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Alternative & Indie - Released January 29, 2021 | Virgin Music UK LAS (P&D)

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Rock - Released August 18, 2017 | SW Records

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A worthy heir to the spirit of Pink Floyd and a major figure of contemporary progressive rock, Steven Wilson managed to rekindle the flame of a genre worshipped by some and loathed by others… The former Porcupine Tree’s strength is his ability to inject a kind of pop spirit into his viscerally progressive compositions. And while his songs overflow with ripped solos, his bittersweet melodies remain very addictive. This is once again the case in To The Bone, the fifth studio album of the British musician. An extremely personal album, as Wilson himself explains he took inspiration from the bedside records of his childhood, in particular Peter Gabriel’s So, Kate Bush’s Hounds Of Love, Talk Talk’s The Colour Of Spring and Tears For Fears’ The Seeds Of Love. These references from the 1980s give a retro vibe to this impeccably produced album, which features XTC’s Andy Partridge, among others. You’ll come out of To The Bone with the feeling of having completed a beautiful trip back in time. A journey with plain influences wonderfully integrated by a musician equally talented for writing and producing. Enough to break the barriers of the rather reductive mold of progressive music. © CM/Qobuz
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Rock - Released November 2, 2018 | Mercury Studios

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The legendary Royal Albert Hall is the London counterpart of Paris’ Palais Garnier or Olympia. The venue is an ideal setting for the raw diamond that is Steven Wilson’s music. Wilson has harmoniously integrated a high-flying pop component into his ever unique and genuine approach. This new album is a bit different, something that Wilson wholeheartedly accepts (unlike numerous other artists). For To the Bone he is backed up by his devoted band. It’s a band that deserves special attention, even if Steven has decided not to hide behind a heavy and somewhat misleading shield anymore, like he did with the Porcupine Tree. In this regard, there could hardly be someone more subtle and respectable than Adam Holzman on keyboards. Holzman has worked with his Majesty Miles Davis − most notably on Tutu in 1986, and the subsequent tours for the next three years – as well as Michel Petrucciani, Marcus Miller, Robben Ford, and tens of others. Steven isn’t even the first Wilson he’s worked with, as he’s accompanied by Ray, former singer of Stiltskin (known for their hit Inside) and Genesis. Another member of the team is guitarist Alex Hutchings. Hutchings is less known than the others but performed in Thriller Live, the enormous spectacle in tribute to Michael Jackson, and despite the daunting task of following in the footsteps of Dave Kilminster and Guthrie Govan he passes with flying colours. Drummer Craig Blundell (Pendragon, Porcupine Tree…) also successfully replaces the amazing Marco Minnemann and Chad Wackerman…Another seems to have risen in prominence and been an influence on Steven Wilson’s recent musical orientation: the impressively talented bassist Nick Beggs (Ellis, Beggs & Howard, The Mute Gods, Steve Hackett, and… Kajagoogoo). And of course let’s not forget the amazing Ninet Tayeb on Pariah, People Who Eat Darkness and Blank Tapes. With such support throughout the 2 hours and 26 minutes of this live performance Wilson can only spread his wings and even be a little audacious by introducing the most pop track of TTB: Permanating. This track is more than just lyrics; he proclaims his love for the Beatles and ABBA, even if it means offending “music snobs”, and invites his audience to “dance on a little disco and pop”… Wilson takes six Porcupine Tree tracks and two titles from his dark and depressive side (as he admits) − The Sound of Muzak and the eminently gloomy The Raven That Refused to Sing – to close this live album and remarkable display of power. © Jean-Pierre Sabouret/Qobuz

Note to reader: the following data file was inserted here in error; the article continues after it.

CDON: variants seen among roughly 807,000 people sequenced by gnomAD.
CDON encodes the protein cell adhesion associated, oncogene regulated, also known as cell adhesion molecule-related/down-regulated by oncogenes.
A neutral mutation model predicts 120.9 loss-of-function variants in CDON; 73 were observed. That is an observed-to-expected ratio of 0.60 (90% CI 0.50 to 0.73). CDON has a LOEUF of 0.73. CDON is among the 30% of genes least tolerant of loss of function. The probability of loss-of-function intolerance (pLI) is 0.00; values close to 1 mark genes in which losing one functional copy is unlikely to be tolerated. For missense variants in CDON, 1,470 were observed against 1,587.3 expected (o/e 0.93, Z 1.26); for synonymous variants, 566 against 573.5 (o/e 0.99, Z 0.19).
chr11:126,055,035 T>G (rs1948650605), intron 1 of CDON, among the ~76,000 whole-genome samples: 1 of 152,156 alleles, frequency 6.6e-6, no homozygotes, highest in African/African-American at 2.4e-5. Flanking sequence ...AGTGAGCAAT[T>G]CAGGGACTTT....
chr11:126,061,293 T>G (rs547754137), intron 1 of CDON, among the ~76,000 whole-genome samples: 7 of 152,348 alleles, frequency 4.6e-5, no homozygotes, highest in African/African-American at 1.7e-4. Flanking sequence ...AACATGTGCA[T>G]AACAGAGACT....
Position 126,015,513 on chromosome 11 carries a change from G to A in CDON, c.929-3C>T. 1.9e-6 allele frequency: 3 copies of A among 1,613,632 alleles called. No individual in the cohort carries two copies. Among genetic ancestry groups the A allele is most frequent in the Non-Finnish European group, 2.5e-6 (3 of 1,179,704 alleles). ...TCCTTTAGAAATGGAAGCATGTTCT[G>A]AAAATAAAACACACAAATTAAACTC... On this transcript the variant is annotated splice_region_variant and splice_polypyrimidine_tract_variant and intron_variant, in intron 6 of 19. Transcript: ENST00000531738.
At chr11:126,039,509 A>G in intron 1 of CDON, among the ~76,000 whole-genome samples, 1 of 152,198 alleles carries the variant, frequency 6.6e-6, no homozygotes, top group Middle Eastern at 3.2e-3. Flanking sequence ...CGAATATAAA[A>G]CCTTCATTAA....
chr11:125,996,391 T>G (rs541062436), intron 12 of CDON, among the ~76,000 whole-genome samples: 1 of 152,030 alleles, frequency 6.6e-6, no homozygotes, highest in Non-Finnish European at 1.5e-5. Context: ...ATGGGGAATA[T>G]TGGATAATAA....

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Progressive Rock - Released March 2, 2015 | Kscope

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Alternative & Indie - Released December 7, 2020 | Virgin Music UK LAS (P&D)

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Progressive Rock - Released February 25, 2013 | Kscope

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Rock - Released November 20, 2008 | Kscope

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Rock - Released September 16, 2016 | Kscope

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Progressive Rock - Released March 2, 2015 | Kscope

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Progressive Rock - Released September 27, 2011 | Kscope

Progressive Rock - Released February 25, 2013 | Kscope

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Rock - Released June 30, 2014 | Kscope

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Progressive Rock - Released January 22, 2016 | Kscope

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Film Soundtracks - Released December 1, 2017 | SW Records

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Alternative & Indie - Released January 29, 2021 | Virgin Music UK LAS (P&D)